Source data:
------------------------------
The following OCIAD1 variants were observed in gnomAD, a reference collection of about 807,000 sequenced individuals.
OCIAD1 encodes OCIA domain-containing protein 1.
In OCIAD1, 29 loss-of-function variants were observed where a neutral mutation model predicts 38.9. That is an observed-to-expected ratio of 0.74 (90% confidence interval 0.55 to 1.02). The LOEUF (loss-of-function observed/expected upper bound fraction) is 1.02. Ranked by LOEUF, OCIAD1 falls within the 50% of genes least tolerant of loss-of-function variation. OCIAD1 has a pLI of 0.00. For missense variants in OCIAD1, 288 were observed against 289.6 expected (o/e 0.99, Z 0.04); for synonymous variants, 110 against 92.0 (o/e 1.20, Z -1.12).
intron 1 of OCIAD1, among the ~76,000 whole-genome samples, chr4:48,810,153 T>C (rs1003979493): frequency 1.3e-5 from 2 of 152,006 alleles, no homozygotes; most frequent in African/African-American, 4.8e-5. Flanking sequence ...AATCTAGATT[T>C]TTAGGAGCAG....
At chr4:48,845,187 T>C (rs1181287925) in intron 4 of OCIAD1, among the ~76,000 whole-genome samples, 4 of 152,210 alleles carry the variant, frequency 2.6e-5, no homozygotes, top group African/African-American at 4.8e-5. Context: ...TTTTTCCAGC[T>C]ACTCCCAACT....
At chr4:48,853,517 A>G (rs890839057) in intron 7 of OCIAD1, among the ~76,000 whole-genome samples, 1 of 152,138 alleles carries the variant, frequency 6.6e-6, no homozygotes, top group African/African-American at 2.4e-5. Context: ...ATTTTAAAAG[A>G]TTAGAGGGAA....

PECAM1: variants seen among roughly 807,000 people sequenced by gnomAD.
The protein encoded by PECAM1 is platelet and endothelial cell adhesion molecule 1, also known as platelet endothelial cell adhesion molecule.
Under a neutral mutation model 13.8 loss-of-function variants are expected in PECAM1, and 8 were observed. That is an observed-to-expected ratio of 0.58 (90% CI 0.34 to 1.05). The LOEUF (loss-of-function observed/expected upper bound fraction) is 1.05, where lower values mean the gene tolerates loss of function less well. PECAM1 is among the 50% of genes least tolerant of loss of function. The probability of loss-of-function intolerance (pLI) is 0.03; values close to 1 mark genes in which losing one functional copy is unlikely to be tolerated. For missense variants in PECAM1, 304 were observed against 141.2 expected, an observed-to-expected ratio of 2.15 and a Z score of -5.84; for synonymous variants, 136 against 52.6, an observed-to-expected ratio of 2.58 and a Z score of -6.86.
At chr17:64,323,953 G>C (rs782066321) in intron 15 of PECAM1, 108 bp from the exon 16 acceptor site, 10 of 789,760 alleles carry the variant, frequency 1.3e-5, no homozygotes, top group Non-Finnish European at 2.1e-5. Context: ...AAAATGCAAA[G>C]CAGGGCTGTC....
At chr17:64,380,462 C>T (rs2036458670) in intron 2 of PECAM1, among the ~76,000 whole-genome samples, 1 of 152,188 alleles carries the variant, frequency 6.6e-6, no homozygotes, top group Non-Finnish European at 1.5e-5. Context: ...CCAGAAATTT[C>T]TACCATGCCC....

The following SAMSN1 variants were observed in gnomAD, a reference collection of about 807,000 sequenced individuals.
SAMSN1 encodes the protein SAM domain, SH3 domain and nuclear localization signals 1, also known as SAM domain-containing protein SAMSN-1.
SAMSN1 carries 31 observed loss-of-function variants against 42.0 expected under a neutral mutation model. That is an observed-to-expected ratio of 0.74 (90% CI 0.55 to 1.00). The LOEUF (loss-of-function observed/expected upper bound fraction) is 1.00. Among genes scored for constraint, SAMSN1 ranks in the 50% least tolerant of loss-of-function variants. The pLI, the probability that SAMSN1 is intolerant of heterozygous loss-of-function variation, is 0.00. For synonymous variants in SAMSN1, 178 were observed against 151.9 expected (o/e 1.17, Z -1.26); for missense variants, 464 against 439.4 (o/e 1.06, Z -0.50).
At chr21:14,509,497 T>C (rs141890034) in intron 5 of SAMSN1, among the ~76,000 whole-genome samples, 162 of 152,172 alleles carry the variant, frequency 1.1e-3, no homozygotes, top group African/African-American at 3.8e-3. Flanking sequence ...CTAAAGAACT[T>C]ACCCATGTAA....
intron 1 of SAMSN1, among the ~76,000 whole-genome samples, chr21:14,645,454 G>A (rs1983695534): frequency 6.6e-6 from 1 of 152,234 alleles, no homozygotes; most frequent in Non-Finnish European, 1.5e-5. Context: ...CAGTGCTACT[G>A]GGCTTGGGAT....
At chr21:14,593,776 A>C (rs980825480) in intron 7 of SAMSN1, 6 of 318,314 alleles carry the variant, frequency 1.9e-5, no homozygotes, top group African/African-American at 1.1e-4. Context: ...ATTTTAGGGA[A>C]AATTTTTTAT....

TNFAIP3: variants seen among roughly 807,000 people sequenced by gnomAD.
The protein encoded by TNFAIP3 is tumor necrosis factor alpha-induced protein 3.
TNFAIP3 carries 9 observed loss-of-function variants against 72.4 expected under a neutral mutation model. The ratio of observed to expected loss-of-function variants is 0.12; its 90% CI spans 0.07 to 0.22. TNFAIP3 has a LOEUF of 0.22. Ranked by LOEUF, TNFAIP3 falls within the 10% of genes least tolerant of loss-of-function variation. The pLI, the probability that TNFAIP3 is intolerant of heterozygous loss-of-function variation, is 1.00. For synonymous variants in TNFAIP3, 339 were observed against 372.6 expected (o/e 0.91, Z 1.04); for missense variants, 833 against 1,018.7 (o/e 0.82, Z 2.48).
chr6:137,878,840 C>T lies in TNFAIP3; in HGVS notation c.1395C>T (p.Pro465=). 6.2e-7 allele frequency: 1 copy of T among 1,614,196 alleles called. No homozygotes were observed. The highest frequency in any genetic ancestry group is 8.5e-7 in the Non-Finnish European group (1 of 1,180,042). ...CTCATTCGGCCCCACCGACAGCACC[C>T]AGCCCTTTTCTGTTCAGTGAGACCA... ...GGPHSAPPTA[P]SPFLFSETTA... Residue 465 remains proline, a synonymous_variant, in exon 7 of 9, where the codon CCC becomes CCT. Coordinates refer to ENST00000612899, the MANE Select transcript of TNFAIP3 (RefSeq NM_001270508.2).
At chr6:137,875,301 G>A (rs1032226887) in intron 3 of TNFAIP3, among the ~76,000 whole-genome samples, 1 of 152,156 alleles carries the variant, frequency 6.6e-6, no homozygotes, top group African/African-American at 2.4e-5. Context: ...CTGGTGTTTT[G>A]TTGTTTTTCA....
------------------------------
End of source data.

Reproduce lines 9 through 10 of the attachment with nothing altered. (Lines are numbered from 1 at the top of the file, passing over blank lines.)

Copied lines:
Under a neutral mutation model 13.8 loss-of-function variants are expected in PECAM1, and 8 were observed. That is an observed-to-expected ratio of 0.58 (90% CI 0.34 to 1.05). The LOEUF (loss-of-function observed/expected upper bound fraction) is 1.05, where lower values mean the gene tolerates loss of function less well. PECAM1 is among the 50% of genes least tolerant of loss of function. The probability of loss-of-function intolerance (pLI) is 0.03; values close to 1 mark genes in which losing one functional copy is unlikely to be tolerated. For missense variants in PECAM1, 304 were observed against 141.2 expected, an observed-to-expected ratio of 2.15 and a Z score of -5.84; for synonymous variants, 136 against 52.6, an observed-to-expected ratio of 2.58 and a Z score of -6.86.
At chr17:64,323,953 G>C (rs782066321) in intron 15 of PECAM1, 108 bp from the exon 16 acceptor site, 10 of 789,760 alleles carry the variant, frequency 1.3e-5, no homozygotes, top group Non-Finnish European at 2.1e-5. Context: ...AAAATGCAAA[G>C]CAGGGCTGTC....